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    If any one person could be said to have been responsible for the revelation of 52 it would be Dennis Newsome, who served as one of the fight consultants to Mel Gibson in Lethal Weapon. Profiled by the San Diego Tribune in 2004, Newsome was said to be “one of the pioneers of African martial arts”. Newsome, as explained by the author of the piece, claimed his father and grandfather taught him “a type of leg wrestling passed down from African slaves in the Americas”.

    According to Newsome, Jailhouse Rock comprises multiple styles developed in different places and under different conditions, and thus each of these incorporate different techniques. These techniques range from striking to wrestling, using the hands, elbows, knees, head butts, and some low kicks. Practitioners of Jailhouse Rock supposedly learn in-depth knowledge of pressure points and vital striking areas, as well as foot sweeps and “Gangsta Locks” (which Newsome equates to trapping such as in Wing Chun or Jeet Kune Do).

    Also to hear Newsome tell it, 52 Blocks is an underground system. Unless you go to jail, hang out in underground fighting circles or are family to an ex-con, you’ll never learn it — and if you are a white guy, nobody will teach it to you. As Newsome’s interviewer, identified only as “Dempsy,” wrote, “The art is the art of the African who needs it for survival. Much like the Asians decades ago, who would not teach outside their race, the analogy is that you do not give your enemy your best weapon.” In other words, Jailhouse Rock is a racist, racially determined system, in which all of you who are white and NOT in prison are the enemy.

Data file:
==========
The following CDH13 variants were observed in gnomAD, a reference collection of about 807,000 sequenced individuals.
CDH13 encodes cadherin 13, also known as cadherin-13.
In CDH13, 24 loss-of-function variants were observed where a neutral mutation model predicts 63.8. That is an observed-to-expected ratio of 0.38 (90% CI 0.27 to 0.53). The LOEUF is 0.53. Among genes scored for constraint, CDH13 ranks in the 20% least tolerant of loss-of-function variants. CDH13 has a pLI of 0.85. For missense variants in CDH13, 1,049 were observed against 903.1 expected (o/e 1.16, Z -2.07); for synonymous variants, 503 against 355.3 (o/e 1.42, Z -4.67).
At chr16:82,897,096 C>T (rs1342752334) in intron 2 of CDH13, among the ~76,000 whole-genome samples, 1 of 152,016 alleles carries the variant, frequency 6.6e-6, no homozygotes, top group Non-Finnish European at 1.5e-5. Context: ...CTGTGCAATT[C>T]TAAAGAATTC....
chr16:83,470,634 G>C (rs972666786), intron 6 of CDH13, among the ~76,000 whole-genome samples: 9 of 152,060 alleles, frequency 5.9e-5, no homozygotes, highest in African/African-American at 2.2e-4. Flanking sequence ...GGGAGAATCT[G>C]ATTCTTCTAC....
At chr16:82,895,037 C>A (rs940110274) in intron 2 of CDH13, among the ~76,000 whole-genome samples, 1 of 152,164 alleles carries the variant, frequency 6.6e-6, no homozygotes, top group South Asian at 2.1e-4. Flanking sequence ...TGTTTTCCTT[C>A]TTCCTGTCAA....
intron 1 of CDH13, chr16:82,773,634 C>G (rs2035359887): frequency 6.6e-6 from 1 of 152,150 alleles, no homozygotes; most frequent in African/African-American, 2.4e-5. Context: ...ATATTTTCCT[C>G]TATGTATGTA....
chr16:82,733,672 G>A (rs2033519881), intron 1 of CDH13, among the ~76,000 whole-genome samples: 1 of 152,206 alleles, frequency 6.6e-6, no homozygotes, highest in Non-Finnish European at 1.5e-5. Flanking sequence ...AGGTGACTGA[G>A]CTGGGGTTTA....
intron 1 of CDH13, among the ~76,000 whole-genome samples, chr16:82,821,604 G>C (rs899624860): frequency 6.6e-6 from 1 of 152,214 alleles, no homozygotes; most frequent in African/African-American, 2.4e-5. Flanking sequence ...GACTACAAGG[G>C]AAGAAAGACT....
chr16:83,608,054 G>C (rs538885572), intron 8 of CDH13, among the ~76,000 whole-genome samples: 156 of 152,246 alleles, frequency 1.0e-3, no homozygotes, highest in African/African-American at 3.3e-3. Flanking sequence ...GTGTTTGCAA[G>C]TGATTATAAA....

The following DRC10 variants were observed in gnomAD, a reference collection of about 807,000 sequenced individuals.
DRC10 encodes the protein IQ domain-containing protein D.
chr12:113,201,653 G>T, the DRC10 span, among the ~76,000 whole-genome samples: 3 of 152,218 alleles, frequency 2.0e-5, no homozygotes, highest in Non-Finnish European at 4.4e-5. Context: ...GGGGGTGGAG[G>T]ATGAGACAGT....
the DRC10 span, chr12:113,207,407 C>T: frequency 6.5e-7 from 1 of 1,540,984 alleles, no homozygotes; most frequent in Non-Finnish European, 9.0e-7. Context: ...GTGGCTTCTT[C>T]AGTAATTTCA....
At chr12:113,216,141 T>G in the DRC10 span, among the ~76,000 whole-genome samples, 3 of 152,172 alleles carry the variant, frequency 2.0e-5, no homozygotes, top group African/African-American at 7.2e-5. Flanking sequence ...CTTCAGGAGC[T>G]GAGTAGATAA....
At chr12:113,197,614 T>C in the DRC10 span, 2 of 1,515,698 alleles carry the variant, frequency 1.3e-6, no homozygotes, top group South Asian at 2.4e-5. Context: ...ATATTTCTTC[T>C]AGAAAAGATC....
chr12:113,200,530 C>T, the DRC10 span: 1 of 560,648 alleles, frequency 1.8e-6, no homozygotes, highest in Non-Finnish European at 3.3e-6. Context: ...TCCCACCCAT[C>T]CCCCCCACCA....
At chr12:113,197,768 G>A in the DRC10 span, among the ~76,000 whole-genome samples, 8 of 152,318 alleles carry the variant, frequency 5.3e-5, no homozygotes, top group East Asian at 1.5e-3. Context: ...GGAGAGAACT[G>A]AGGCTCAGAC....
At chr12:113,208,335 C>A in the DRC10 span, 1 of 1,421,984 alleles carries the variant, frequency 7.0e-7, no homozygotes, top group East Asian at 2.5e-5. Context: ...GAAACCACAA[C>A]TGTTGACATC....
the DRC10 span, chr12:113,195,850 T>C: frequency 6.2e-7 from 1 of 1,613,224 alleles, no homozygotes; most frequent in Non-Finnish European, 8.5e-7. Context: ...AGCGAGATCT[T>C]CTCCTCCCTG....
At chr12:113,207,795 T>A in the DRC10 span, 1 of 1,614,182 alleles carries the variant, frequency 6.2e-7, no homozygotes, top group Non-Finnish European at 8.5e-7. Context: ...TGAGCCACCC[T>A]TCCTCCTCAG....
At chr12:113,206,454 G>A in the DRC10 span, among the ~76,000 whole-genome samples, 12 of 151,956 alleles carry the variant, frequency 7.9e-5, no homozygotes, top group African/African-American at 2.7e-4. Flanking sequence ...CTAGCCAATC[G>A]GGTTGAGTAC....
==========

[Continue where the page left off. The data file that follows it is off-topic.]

As I mentioned earlier there is the strong appeal of gaining street cred from having a custom-made martial art at your disposal. Then there is the fact that a truly coherent and comprehensive “system” or “style” of martial arts could hardly be taught in a prison setting. Sure, bits and pieces could be passed onto new students, but as a complete system? No way.

    Finally there is the drive to have a culturally unique art to claim as one's one. Just as there are those who try (and fail) to link contemporary urban culture to the ancient society of Egypt, asserting that an African martial art has survived and been disseminated in America’s prisons fulfills the same need to identify cultural significance and differentiate it from Western culture.

    But regardless of the true provenance of 52 Hands, the instructors that have taught it to their felon friends have accomplished one thing: they've created the myth. 52 Hands is now a genuine style because … they said so.

    Congratulations, guys. :rolleyes:
     
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  3. Gone

    Gone Guest

    I spit on 52 blocks.
    I urinate on 52 blocks.
    I defecate on 52 blocks.
    I vomit on 52 blocks.
    I hate 52 blocks.
    Death to 52 blocks.
     
  4. Enkidu

    Enkidu Destroyer of your martial arts fantasies